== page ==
Relationship and sexual satisfaction: A developmental perspective on bidirectionality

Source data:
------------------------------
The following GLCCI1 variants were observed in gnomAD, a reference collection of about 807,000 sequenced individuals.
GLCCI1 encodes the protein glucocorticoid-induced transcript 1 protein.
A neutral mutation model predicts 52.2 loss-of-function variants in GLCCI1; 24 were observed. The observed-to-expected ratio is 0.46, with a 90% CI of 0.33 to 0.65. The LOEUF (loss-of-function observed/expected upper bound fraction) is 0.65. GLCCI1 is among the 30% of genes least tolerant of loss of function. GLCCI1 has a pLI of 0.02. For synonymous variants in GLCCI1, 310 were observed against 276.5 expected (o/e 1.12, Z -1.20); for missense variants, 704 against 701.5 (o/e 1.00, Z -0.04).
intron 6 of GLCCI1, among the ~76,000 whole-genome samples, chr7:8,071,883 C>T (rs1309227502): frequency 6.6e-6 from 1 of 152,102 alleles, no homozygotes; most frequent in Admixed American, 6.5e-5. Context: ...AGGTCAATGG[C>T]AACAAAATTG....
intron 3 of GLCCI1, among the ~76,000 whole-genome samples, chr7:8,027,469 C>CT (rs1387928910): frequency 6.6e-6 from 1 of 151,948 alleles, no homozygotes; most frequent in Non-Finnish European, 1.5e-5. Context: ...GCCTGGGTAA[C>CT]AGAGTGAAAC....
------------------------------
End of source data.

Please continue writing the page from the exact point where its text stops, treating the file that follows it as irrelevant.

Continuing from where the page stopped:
Researchers have investigated the directionality between relationship and sexual satisfaction; however, there remains no definitive conclusion. Previous longitudinal studies have not conceptualized relationship and sexual satisfaction as systematic developmental processes and have focused on predicting scores at later time points. Instead, researchers should be concerned with understanding how relationship and sexual satisfaction change together over time. The objective of this study was to use longitudinal data from midlife American marriages to test the directionality of the association between relationship satisfaction and sexual satisfaction. Multivariate latent growth curve modeling of 1,456 midlife Americans married for 20 years from the Midlife in the United States study was used to compare directionality models. Findings support that long-term, stable marriages of midlife Americans at the sample level were characterized by a linear increase in relationship satisfaction over 20 years and a linear decline in sexual satisfaction during the same time frame. A co-change model, wherein relationship and sexual satisfaction changed together over time, fit the data best. Trajectory correlations showed that changes in relationship and sexual satisfaction were strongly interconnected. High initial levels of sexual satisfaction protected against declines in relationship satisfaction over 20 years. Results support that relationship and sexual satisfaction change together over time and highlight that the longitudinal association between these outcomes is dynamic rather than static.